The Effects of Higher Re-election Hurdles and Costs of Policy Change on Political Polarization
- Working Paper
We develop and study a two-period model of political competition where (i) changes of policies impose costs on all individuals, and (ii) such costs increase linearly with the magnitude of the policy change. The contribution is two-fold. First, we show that intermediate marginal costs yield the lowest levels of policy polarization, welfare being a single-peaked function of the marginal cost. Second, we apply our model to the design of optimal re-election hurdles. We show that whatever the marginal cost of change, raising the vote-share needed for re-election above a half reduces policy polarization and increases welfare. We further prove the existence of a unique re-election hurdle that simultaneously maximizes welfare and minimizes policy polarization. The robustness of our results is studied for several extensions of the baseline model, notably for convex costs of change. Show more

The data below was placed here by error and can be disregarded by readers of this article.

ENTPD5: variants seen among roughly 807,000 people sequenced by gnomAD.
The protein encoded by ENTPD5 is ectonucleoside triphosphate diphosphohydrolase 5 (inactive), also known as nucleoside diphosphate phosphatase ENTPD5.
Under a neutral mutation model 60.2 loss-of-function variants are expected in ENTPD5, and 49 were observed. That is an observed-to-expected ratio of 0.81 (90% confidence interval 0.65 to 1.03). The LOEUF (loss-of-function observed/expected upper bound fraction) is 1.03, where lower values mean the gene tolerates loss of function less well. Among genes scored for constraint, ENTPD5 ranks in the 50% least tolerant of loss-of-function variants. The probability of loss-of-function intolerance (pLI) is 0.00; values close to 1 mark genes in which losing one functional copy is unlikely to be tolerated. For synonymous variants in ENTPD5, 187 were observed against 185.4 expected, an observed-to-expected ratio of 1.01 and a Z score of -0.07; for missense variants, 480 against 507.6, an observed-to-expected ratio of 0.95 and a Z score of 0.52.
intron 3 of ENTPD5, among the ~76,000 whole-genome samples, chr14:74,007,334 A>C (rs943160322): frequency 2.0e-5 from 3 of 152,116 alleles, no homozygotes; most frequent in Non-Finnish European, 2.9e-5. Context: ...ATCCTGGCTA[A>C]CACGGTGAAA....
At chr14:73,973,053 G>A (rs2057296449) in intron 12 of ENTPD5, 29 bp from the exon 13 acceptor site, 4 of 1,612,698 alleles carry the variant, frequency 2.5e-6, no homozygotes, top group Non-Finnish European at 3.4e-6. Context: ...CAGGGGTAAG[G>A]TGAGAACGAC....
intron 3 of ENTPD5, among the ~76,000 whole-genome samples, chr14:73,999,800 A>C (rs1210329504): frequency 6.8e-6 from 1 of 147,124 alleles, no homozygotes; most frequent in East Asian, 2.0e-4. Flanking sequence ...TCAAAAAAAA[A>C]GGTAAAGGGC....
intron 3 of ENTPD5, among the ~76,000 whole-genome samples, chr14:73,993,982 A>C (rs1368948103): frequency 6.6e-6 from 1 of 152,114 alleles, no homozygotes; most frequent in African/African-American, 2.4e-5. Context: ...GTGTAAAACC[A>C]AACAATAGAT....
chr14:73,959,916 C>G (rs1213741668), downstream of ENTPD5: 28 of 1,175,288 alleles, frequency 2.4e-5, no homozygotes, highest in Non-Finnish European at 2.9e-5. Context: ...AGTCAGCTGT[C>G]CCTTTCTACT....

Journal / seriesCEPR Discussion Papers
Pages / Article No.
PublisherCentre for Economic Policy Research
Organisational unit03729 - Gersbach, Hans / Gersbach, Hans
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